69. Eric McLuhan & Marshall McLuhan, Theories of Communication (New York: Peter Lang, 2011).
70. Burke, Attitudes Toward History, 308-314.
71. McLuhan & Carson, The Book of Probes, 298.
72. Marshall McLuhan & Harley Parker, Through the Vanishing Point: Space in Poetry and Painting (New York: Harper & Row), 84, 85.
73. (Eric) McLuhan & Kuhns, "Poetics on the Warpath," 415.
75. Deleuze, Negotiations, 121-134.
76. Burke, Attitudes Toward History, 62, 63.
77. Claude Lévi-Strauss, "'Primitive' Thinking and the 'Civilized' Mind," in Myth and Meaning (New York: Schocken Books, 1979), 15-24.
78. Deleuze, Critical Inquiry: 225-230.
79. Edith Hamilton, Mythology (Boston: Little, Brown & Company, 1942), 204.
80. Marshall McLuhan, "Games: The Extensions of Man," in Understanding Media: The Extensions of Man (New York: McGraw-Hill Book Company, 1964), 234-245. S. I. Hayakawa, "The Unacknowledged Legislators," in Symbol, Status, and Personality (New York: Harcourt, Brace & World, 1963), 131-140. Kenneth Burke, "Literature as Equipment for Living," in Kenneth Burke, The Philosophy of Literary Form: Studies in Symbolic Action, 2nd Edition (Baton Rouge: Louisiana State University Press, 1967), 293-304.
81. Hélène Cixous, "The Laugh of the Medusa," in Signs 1 (1987): 875-893.
82. McLuhan & McLuhan, Laws of Media, 226.
83. McLuhan & Parker, Through the Vanishing Point, 49.
84. McLuhan & McLuhan, Laws of Media, 124.
85. McLuhan & McLuhan, Laws of Media, 227.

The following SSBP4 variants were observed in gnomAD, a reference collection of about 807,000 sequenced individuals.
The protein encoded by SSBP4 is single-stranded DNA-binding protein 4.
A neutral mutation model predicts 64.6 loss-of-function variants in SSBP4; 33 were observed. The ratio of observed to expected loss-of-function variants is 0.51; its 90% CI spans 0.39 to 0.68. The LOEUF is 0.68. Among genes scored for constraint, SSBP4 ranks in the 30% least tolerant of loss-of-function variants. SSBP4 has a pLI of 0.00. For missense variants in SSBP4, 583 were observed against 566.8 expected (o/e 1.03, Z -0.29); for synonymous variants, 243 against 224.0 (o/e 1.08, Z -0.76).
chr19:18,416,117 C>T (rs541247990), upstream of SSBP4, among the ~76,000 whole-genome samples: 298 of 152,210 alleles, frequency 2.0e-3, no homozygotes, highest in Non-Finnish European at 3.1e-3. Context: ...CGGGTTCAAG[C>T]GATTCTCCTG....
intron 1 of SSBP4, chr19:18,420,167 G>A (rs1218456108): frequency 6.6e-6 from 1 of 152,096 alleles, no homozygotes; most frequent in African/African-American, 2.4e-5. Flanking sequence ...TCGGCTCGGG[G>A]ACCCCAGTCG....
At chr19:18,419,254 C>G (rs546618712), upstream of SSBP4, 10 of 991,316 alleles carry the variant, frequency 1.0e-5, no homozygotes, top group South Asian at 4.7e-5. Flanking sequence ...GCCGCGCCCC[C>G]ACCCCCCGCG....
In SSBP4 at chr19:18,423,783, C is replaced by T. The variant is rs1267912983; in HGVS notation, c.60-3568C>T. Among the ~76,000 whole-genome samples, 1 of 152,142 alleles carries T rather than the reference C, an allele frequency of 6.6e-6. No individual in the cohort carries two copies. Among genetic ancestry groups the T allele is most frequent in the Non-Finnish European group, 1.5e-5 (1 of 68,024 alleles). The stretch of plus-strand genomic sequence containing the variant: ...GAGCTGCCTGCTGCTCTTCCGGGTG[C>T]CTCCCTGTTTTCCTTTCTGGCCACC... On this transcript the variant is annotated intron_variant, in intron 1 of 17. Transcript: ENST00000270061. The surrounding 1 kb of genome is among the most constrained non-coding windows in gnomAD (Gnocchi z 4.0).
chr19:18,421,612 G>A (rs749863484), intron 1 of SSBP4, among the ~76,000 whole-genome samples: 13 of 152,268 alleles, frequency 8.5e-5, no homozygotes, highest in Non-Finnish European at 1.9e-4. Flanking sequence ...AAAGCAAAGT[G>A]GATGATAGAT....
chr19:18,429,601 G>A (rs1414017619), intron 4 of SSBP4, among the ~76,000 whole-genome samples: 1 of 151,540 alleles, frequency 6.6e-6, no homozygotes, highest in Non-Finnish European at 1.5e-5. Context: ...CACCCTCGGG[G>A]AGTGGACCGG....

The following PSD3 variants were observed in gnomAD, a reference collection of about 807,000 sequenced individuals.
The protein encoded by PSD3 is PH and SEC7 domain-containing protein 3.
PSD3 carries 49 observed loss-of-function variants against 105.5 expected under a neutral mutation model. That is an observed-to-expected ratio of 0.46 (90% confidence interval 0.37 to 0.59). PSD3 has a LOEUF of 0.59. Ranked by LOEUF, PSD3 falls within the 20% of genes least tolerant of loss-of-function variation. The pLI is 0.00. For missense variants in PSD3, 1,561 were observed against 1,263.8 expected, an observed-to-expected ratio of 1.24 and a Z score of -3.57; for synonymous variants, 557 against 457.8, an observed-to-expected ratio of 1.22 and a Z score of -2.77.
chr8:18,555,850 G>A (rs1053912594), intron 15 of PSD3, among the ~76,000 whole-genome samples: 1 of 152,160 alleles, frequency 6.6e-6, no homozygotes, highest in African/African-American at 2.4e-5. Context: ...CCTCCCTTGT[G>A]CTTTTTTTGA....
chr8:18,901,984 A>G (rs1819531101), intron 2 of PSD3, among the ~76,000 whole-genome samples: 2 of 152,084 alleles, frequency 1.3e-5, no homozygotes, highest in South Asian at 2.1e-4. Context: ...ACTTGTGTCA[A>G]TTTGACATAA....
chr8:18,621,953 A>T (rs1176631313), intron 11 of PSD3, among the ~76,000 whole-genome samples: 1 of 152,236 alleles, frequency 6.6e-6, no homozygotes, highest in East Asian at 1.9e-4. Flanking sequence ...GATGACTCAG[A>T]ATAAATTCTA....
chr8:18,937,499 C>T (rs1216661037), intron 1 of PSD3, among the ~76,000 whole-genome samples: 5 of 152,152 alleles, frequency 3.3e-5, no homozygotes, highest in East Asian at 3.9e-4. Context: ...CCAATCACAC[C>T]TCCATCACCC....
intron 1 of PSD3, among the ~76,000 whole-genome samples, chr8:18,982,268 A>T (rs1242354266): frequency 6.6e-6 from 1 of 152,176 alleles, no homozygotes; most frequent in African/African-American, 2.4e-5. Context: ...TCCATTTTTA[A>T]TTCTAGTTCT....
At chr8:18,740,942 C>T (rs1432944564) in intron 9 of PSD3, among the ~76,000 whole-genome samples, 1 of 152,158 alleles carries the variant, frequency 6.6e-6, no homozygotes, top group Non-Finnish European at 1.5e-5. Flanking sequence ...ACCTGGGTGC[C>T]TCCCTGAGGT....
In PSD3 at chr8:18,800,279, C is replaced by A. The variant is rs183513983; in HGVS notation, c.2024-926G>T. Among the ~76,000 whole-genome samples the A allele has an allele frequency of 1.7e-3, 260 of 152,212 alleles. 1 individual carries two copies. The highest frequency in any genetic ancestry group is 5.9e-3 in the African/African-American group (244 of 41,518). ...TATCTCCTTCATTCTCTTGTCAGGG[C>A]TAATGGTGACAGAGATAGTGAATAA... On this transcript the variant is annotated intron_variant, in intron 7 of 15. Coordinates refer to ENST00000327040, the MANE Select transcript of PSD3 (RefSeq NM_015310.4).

An internationally known lecturer on communication and media, Dr. McLuhan has over thirty years' teaching experience. He worked closely with Marshall McLuhan for fifteen years and has also done extensive communication research. He has published many books and articles on media, perception, literature and the arts. Most recently, The Human Equation (BPS Books, 2011), Media and Formal Cause (NeoPoiesis Press, 2011), and Theories of Communication (Peter Lang, 2011). Dr. Zhang is assistant professor of Communication Studies at Grand Valley State University. His scholarship so far has unfolded in the interzones between media ecology, rhetoric, Spinozian ethics, French theory (Deleuze, Foucault, de Certeau, Virilio), Zen Buddhism, and affirmative criticism. Contact: email@example.com.
Appendix: Tetrad on Obsolescence in Layout Form85
Obsolescence refers to rendering a former situation impotent by displacement: figure returns to ground.
Resurrection of the junk yard:
'Throw something lovely
Its Material Cause
Surfaces as cliché,
A terrible beauty
is born' (Yeats)
ground becomes figure;
Act returns all potency raised into
to potential act at once
Awareness of The ground of the
ground as all old item
Potential as a
ground of hidden
opportunity: junk heap as
dynamic resource. Cf. Dr Johnson,
on the sale of Mr Thrale's brewery:
this is not a mere collection of vats and
boilers, but 'the means of becoming rich
beyond the dreams of avarice!'…